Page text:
According to the 2020 Joint United Nations Program on HIV/AIDS (UNAIDS) report, there were 38 million people living with HIV (PLHIV) globally, of whom 36.2 million were adults aged 15 years and older. Around 68% of adults living with HIV had accessed antiretroviral therapy (ART), of whom 73% were females and 61% were males .Like every individual, these adults living with HIV want to get married and have a newborn child. But, in previous times, individuals may have hesitated to engage in fertility because of fear of mother-to-child transmission (MTCT) of the virus, poor health status, stigma and lack of support from others[2, 3]. Nowadays, these challenges are reduced due to the availability of antiretroviral (ARV) drugs[4, 5].
Fertility desire is an individual's intention at reproductive age to have more children among PLHIV, which is improved by the introduction of ART . The life expectancy and overall quality of life of PLHIV have noticeably increased due to the use of highly active antiretroviral therapy (HAART) [7, 8]. Similarly, the rate of MTCT of HIV has decreased to less than 5% as a result of the effective use of ARV drugs . This in turn results in an increased desire among HIV-infected individuals for pregnancy and child bearing[10–12].The desire for childbearing can also have significant public health importance among PLHIV because they feel that having more children will increase the chance of being retired by their offspring.
Although HIV can affect a person's whole life, it does not prevent people living with HIV from having children. Like HIV-uninfected individuals, PLHIV have sexual and reproductive health needs, including the ability to make an informed decision about how many and when to have children. Studies in different areas of the world have shown that a significant proportion of PLHIV wish to be parents. A study conducted in thirteen European countries showed the prevalence of the desire for fertility was 43%. Other studies conducted in Brazil and Spain revealed that the prevalence of fertility desire among people on ART was 25.9%  and 49%, respectively. Studies conducted in Asian countries including Georgia, India, Indonesia, Nepal, and China showed the prevalence of fertility desire among PLHIV ranged from 12.1–50.8%[2–4, 13, 17].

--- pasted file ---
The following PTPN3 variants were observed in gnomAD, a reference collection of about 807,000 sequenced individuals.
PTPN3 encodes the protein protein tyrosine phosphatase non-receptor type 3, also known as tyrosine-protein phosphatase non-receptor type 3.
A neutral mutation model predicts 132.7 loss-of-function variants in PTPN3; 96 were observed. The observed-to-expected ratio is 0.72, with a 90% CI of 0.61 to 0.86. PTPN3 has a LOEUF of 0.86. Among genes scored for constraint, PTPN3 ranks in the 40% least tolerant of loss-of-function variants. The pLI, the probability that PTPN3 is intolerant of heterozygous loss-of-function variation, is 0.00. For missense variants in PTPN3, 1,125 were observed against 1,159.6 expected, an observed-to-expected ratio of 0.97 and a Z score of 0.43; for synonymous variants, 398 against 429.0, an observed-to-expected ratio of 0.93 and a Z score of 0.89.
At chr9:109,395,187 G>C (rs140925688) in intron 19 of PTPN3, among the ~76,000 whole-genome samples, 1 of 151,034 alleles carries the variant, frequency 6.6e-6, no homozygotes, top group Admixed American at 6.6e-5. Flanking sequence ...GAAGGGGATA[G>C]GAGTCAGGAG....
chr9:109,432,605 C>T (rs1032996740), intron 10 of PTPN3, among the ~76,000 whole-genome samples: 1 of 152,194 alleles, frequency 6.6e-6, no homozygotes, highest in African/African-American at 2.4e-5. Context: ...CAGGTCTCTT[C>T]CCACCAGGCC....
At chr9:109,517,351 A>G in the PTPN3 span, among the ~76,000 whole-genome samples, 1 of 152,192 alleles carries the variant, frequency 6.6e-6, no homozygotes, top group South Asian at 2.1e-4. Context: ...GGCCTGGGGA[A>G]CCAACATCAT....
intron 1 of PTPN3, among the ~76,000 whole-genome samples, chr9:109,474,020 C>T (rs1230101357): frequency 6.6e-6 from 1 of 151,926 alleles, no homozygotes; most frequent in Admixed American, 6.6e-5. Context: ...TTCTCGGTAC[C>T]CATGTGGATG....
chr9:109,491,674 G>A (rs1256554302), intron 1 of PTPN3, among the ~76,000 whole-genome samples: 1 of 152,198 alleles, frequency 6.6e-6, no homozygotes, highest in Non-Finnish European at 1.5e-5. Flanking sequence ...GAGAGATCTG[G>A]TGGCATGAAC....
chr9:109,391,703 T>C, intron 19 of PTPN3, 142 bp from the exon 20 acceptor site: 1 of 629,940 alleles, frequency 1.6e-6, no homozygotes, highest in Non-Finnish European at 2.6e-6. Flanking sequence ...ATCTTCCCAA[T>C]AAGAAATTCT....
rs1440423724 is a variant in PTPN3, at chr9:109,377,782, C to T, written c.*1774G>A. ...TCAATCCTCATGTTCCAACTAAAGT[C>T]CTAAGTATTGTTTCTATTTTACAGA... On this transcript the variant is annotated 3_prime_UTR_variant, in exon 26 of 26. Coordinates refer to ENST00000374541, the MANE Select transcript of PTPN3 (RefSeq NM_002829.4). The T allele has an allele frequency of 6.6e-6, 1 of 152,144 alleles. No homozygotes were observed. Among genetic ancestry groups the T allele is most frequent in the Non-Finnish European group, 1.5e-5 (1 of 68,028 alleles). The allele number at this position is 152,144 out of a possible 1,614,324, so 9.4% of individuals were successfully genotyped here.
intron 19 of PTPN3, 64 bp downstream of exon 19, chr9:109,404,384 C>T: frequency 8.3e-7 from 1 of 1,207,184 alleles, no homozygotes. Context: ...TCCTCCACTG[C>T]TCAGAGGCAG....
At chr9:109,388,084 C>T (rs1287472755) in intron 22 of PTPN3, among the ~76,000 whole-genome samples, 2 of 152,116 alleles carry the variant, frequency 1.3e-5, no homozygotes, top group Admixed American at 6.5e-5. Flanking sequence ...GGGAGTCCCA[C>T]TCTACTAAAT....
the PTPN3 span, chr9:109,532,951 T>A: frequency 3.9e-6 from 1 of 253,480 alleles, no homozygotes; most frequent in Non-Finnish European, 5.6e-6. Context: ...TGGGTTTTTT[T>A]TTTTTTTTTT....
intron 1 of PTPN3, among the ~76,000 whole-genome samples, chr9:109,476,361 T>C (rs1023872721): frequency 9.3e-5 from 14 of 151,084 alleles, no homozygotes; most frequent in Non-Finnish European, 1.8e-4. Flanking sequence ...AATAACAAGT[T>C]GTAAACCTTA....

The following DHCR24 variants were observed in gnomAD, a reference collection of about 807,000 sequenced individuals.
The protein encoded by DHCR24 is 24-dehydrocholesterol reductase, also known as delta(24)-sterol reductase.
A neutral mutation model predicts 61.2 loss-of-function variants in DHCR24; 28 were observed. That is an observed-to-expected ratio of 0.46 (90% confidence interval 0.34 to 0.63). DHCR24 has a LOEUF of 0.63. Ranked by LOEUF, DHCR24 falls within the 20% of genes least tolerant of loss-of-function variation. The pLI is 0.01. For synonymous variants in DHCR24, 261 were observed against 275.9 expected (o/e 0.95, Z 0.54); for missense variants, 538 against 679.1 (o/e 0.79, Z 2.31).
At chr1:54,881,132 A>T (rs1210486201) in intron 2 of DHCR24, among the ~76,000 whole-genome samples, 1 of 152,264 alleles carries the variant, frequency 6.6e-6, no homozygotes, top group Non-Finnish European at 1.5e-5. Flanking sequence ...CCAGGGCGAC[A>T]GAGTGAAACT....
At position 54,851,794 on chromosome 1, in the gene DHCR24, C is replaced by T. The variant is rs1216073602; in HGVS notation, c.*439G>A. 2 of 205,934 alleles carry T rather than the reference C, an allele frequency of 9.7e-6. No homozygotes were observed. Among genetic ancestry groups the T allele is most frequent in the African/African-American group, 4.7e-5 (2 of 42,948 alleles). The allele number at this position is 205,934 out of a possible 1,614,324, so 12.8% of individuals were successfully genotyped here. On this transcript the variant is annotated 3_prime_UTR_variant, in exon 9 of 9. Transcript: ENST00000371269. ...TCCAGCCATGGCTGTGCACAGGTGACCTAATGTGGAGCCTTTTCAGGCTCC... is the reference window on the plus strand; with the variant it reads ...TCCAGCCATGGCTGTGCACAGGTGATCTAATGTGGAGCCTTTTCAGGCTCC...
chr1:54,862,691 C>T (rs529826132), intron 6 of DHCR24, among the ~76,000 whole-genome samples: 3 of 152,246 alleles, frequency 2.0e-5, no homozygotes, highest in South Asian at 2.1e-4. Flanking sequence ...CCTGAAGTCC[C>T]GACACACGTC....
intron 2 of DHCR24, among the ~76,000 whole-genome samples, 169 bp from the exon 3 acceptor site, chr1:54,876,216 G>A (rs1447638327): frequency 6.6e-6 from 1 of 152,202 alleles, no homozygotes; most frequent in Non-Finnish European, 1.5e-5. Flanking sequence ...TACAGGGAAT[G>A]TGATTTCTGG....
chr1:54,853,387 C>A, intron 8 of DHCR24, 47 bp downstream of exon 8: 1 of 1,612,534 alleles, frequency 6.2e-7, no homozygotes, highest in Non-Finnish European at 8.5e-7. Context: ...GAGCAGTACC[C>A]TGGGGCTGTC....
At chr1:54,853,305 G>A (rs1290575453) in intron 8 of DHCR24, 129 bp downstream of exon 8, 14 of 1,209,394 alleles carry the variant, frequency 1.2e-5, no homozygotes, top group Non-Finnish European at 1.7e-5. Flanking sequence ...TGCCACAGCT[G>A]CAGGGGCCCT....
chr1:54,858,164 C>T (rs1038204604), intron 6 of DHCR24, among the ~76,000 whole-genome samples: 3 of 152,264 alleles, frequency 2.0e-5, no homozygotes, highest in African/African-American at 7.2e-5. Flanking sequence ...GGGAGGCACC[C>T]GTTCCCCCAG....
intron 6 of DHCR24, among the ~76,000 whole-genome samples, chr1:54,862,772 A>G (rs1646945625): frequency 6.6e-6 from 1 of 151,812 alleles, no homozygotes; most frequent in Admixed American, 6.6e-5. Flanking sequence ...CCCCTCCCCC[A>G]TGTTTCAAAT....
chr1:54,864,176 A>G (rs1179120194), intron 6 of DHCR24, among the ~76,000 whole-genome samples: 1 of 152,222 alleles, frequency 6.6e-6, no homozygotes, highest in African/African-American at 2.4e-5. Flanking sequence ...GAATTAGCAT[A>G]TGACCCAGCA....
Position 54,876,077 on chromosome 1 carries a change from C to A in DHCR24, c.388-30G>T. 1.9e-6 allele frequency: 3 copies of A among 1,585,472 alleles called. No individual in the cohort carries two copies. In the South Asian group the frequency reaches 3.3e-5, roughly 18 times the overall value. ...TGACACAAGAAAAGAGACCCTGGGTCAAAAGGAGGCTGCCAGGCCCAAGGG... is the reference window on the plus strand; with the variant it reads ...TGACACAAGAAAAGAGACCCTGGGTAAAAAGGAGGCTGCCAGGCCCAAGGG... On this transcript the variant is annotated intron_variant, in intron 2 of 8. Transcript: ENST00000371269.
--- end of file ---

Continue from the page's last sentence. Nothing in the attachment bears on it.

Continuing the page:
As more human beings get admission to antiretroviral therapy (ART) and live healthier and longer lives with human immunodeficiency virus (HIV) in sub-Saharan Africa, their choice of destiny to be pregnant is increasing.Studies conducted in Nigeria showed that the prevalence of fertility desire among PLHIV ranged from 47.5 to 75.8% [7, 19, 20]. Other studies conducted in Tanzania, Nairobi, Malawi, and Uganda revealed that the prevalence of fertility desire among PLHIV was 17, 34, 51, and 59%, respectively[21–24]. Similarly, in Ethiopia, the desire for fertility in the future among PLHIV was reported and ranged from 33.4–58.8% [6, 8, 9, 11, 25–29].
PLHIV's desire for future childbearing has been linked to a variety of socio-demographic, current health condition, cultural, and social factors. As a result, increased desire for childbearing has been linked to younger age, male sex, education, marriage, having no or few children, improved health, increased CD4 + T-cell count, duration on ART, community pressure, and having good PMTCT knowledge [2, 3, 9, 15, 17, 20, 21, 23, 25, 27].
Although there are studies in Ethiopia, we find it important to do so because most of the studies are on women, and the desire to have children is not limited to women. Similarly, the target population of previous studies was HIV-infected people, either on ART or not, which may have underestimated or overestimated the results. So, in order to see the clear effect of ART on fertility desire in both men and women, this study was conducted. Therefore, this study aimed to assess the prevalence of fertility desire and its determinant factors among PLWHIV.